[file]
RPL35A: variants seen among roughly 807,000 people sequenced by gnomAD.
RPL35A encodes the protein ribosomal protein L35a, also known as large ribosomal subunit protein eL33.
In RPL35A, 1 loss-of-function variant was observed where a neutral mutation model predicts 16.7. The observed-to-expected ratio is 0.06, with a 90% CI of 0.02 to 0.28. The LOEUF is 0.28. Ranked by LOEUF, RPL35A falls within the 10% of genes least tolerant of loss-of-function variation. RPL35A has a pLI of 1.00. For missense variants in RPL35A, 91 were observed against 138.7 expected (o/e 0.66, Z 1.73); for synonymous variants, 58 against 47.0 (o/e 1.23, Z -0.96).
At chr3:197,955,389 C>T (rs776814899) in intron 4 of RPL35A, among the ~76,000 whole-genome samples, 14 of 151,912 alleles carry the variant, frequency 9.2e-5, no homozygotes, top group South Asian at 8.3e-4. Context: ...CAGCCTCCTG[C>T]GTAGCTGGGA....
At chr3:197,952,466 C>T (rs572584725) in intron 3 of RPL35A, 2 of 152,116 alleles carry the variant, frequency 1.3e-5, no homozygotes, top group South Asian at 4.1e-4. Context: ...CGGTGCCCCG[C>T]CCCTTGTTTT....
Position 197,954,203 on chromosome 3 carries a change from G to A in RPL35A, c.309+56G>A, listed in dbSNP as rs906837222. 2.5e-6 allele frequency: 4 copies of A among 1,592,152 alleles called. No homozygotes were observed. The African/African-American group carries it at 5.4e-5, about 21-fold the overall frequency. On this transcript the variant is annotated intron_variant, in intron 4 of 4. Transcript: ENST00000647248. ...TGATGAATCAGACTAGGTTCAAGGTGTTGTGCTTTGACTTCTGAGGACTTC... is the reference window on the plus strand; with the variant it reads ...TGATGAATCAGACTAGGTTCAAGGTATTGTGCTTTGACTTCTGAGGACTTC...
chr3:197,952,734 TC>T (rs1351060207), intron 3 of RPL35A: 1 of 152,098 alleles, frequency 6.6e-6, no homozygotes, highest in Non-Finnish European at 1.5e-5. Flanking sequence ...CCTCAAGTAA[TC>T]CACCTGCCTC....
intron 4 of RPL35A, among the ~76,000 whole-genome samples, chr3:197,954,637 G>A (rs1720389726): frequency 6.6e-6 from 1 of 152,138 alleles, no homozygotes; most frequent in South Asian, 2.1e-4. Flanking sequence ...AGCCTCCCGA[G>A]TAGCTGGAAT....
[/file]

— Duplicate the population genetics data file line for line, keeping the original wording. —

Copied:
RPL35A: variants seen among roughly 807,000 people sequenced by gnomAD.
RPL35A encodes the protein ribosomal protein L35a, also known as large ribosomal subunit protein eL33.
In RPL35A, 1 loss-of-function variant was observed where a neutral mutation model predicts 16.7. The observed-to-expected ratio is 0.06, with a 90% CI of 0.02 to 0.28. The LOEUF is 0.28. Ranked by LOEUF, RPL35A falls within the 10% of genes least tolerant of loss-of-function variation. RPL35A has a pLI of 1.00. For missense variants in RPL35A, 91 were observed against 138.7 expected (o/e 0.66, Z 1.73); for synonymous variants, 58 against 47.0 (o/e 1.23, Z -0.96).
At chr3:197,955,389 C>T (rs776814899) in intron 4 of RPL35A, among the ~76,000 whole-genome samples, 14 of 151,912 alleles carry the variant, frequency 9.2e-5, no homozygotes, top group South Asian at 8.3e-4. Context: ...CAGCCTCCTG[C>T]GTAGCTGGGA....
At chr3:197,952,466 C>T (rs572584725) in intron 3 of RPL35A, 2 of 152,116 alleles carry the variant, frequency 1.3e-5, no homozygotes, top group South Asian at 4.1e-4. Context: ...CGGTGCCCCG[C>T]CCCTTGTTTT....
Position 197,954,203 on chromosome 3 carries a change from G to A in RPL35A, c.309+56G>A, listed in dbSNP as rs906837222. 2.5e-6 allele frequency: 4 copies of A among 1,592,152 alleles called. No homozygotes were observed. The African/African-American group carries it at 5.4e-5, about 21-fold the overall frequency. On this transcript the variant is annotated intron_variant, in intron 4 of 4. Transcript: ENST00000647248. ...TGATGAATCAGACTAGGTTCAAGGTGTTGTGCTTTGACTTCTGAGGACTTC... is the reference window on the plus strand; with the variant it reads ...TGATGAATCAGACTAGGTTCAAGGTATTGTGCTTTGACTTCTGAGGACTTC...
chr3:197,952,734 TC>T (rs1351060207), intron 3 of RPL35A: 1 of 152,098 alleles, frequency 6.6e-6, no homozygotes, highest in Non-Finnish European at 1.5e-5. Flanking sequence ...CCTCAAGTAA[TC>T]CACCTGCCTC....
intron 4 of RPL35A, among the ~76,000 whole-genome samples, chr3:197,954,637 G>A (rs1720389726): frequency 6.6e-6 from 1 of 152,138 alleles, no homozygotes; most frequent in South Asian, 2.1e-4. Flanking sequence ...AGCCTCCCGA[G>A]TAGCTGGAAT....